Unprecedented levels of US subprime mortgage defaults precipitated a severe global financial crisis in late 2008, plunging much of the industrialized world into a deep recession. However, the fundamental reasons for why US mortgages defaulted at such spectacular rates remain largely unknown. This paper presents empirical evidence showing that the ability to perform basic mathematical calculations is negatively associated with the propensity to default on one’s mortgage. We measure several aspects of financial literacy and cognitive ability in a survey of subprime mortgage borrowers who took out loans in 2006 and 2007, and match them to objective, detailed administrative data on mortgage characteristics and payment histories. The relationship between numerical ability and mortgage default is robust to controlling for a broad set of sociodemographic variables, and is not driven by other aspects of cognitive ability. We find no support for the hypothesis that numerical ability impacts mortgage outcomes through the choice of the mortgage contract. Rather, our results suggest that individuals with limited numerical ability default on their mortgage due to behavior unrelated to the initial choice of their mortgage. PMID:23798401

  13. Development of Reasoning Test Instruments Based on TIMSS Framework for Measuring Reasoning Ability of Senior High School Student on the Physics Concept

    NASA Astrophysics Data System (ADS)

    Muslim; Suhandi, A.; Nugraha, M. G.

    2017-02-01

    The purposes of this study are to determine the quality of reasoning test instruments that follow the framework of Trends in International Mathematics and Science Study (TIMSS) as a development results and to analyse the profile of reasoning skill of senior high school students on physics materials. This research used research and development method (R&D), furthermore the subject were 104 students at three senior high schools in Bandung selected by random sampling technique. Reasoning test instruments are constructed following the TIMSS framework in multiple choice forms in 30 questions that cover five subject matters i.e. parabolic motion and circular motion, Newton’s law of gravity, work and energy, harmonic oscillation, as well as the momentum and impulse. The quality of reasoning tests were analysed using the Content Validity Ratio (CVR) and classic test analysis include the validity of item, level of difficulty, discriminating power, reliability and Ferguson’s delta. As for the students’ reasoning skills profiles were analysed by the average score of achievements on eight aspects of the reasoning TIMSS framework. The results showed that reasoning test have a good quality as instruments to measure reasoning skills of senior high school students on five matters physics which developed and able to explore the reasoning of students on all aspects of reasoning based on TIMSS framework.

  14. Discriminating Ability of Abbreviated Impactor Measurement Approach (AIM) to Detect Changes in Mass Median Aerodynamic Diameter (MMAD) of an Albuterol/Salbutamol pMDI Aerosol.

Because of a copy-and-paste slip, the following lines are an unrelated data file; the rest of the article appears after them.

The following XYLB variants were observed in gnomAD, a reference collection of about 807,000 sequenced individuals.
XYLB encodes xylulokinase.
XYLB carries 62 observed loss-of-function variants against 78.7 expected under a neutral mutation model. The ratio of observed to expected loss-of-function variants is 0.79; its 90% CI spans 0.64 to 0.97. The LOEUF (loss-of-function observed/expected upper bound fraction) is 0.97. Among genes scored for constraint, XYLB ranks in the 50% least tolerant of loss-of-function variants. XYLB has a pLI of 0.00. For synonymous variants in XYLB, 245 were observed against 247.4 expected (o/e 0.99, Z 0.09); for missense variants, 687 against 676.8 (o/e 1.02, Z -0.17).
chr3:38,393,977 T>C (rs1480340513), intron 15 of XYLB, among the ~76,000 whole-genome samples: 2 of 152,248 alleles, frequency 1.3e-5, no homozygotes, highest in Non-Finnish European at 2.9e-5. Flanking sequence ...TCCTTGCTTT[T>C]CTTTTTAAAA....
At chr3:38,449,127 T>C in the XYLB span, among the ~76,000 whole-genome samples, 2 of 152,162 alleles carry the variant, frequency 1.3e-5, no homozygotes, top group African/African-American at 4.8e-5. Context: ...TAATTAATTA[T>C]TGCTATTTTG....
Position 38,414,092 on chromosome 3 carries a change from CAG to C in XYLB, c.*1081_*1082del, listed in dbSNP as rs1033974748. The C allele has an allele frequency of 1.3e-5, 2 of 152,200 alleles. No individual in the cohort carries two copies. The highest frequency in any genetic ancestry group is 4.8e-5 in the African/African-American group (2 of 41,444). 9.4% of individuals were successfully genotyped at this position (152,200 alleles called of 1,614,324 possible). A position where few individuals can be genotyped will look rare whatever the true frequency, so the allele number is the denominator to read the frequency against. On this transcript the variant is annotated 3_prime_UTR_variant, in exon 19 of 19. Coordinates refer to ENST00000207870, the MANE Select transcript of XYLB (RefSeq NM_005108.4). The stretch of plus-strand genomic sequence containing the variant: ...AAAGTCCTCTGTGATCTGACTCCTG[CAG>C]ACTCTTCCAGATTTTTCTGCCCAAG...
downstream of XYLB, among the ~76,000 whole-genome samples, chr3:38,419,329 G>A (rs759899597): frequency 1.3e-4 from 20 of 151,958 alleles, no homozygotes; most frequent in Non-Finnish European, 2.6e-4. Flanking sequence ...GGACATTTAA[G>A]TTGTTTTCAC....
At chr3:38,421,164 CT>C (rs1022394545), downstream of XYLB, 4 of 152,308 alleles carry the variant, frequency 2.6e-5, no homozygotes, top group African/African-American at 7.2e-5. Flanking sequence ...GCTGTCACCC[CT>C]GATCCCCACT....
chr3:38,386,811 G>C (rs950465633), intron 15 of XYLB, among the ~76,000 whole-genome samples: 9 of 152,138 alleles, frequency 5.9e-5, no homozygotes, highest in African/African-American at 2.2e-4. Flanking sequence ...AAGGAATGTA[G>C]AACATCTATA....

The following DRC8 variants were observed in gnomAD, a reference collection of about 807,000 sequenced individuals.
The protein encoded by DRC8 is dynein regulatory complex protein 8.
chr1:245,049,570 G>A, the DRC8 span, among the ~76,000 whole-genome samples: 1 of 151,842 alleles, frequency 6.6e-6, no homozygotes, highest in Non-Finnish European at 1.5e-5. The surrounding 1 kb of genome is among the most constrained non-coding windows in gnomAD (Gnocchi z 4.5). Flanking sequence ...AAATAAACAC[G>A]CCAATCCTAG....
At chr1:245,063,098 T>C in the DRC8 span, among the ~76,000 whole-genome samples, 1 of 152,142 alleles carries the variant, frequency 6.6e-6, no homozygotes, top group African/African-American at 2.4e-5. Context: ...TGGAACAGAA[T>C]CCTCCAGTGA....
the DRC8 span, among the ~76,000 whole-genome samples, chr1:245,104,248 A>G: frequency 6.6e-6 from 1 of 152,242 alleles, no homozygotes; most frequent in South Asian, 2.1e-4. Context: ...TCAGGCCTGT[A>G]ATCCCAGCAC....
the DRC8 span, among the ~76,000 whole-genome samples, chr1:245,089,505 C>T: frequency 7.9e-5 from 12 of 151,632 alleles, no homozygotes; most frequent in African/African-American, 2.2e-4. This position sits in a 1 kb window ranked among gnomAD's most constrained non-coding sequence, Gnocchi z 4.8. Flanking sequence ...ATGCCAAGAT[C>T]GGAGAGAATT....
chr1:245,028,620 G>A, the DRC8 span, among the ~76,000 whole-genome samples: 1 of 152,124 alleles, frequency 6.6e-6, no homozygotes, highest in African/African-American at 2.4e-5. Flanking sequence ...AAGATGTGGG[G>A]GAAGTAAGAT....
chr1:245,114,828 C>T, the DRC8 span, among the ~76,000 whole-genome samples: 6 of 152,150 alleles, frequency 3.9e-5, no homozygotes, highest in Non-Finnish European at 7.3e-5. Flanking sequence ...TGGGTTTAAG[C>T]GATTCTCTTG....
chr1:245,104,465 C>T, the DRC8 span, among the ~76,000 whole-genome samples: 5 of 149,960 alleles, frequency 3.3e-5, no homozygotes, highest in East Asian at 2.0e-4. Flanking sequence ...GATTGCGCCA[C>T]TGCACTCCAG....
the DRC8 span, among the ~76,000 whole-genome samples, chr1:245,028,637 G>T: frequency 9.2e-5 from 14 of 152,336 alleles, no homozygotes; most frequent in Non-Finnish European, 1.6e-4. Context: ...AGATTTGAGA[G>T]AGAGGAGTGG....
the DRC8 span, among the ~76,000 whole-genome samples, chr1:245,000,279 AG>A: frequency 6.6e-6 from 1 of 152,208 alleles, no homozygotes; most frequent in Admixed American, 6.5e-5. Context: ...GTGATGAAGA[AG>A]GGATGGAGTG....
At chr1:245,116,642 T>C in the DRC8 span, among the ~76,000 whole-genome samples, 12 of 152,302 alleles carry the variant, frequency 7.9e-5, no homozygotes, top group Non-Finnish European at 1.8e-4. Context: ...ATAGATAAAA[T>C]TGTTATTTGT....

PubMed

    David Christopher, J; Patel, Rajni B; Mitchell, Jolyon P; Tougas, Terrence P; Goodey, Adrian P; Quiroz, Jorge; Andersson, Patrik U; Lyapustina, Svetlana

    2017-11-01

    This article reports on results from a two-lab, multiple impactor experiment evaluating the abbreviated impactor measurement (AIM) concept, conducted by the Cascade Impaction Working Group of the International Pharmaceutical Aerosol Consortium on Regulation and Science (IPAC-RS). The goal of this experiment was to expand understanding of the performance of an AIM-type apparatus based on the Andersen eight-stage non-viable cascade impactor (ACI) for the assessment of inhalation aerosols and sprays, compared with the full-resolution version of that impactor described in the pharmacopeial compendia. The experiment was conducted at two centers with a representative commercially available pressurized metered dose inhaler (pMDI) containing albuterol (salbutamol) as active pharmaceutical ingredient (API). Metrics of interest were total mass (TM) emitted from the inhaler, impactor-sized mass (ISM), as well as the ratio of large particle mass (LPM) to small particle mass (SPM). ISM and the LPM/SPM ratio together comprise the efficient data analysis (EDA) metrics. The results of the comparison demonstrated that in this study, the AIM approach had adequate discrimination to detect changes in the mass median aerodynamic diameter (MMAD) of the ACI-sampled aerodynamic particle size distribution (APSD), and therefore could be employed for routine product quality control (QC). As with any test method considered for inclusion in a regulatory filing, the transition from an ACI (used in development) to an appropriate AIM/EDA methodology (used in QC) should be evaluated and supported by data on a product-by-product basis.

  15. Assessing the Ability of Instantaneous Aircraft and Sonde Measurements to Characterize Climatological Means and Long-Term Trends in Tropospheric Composition

    NASA Technical Reports Server (NTRS)

    Murray, Lee T.; Fiore, Arlene M.

    2014-01-01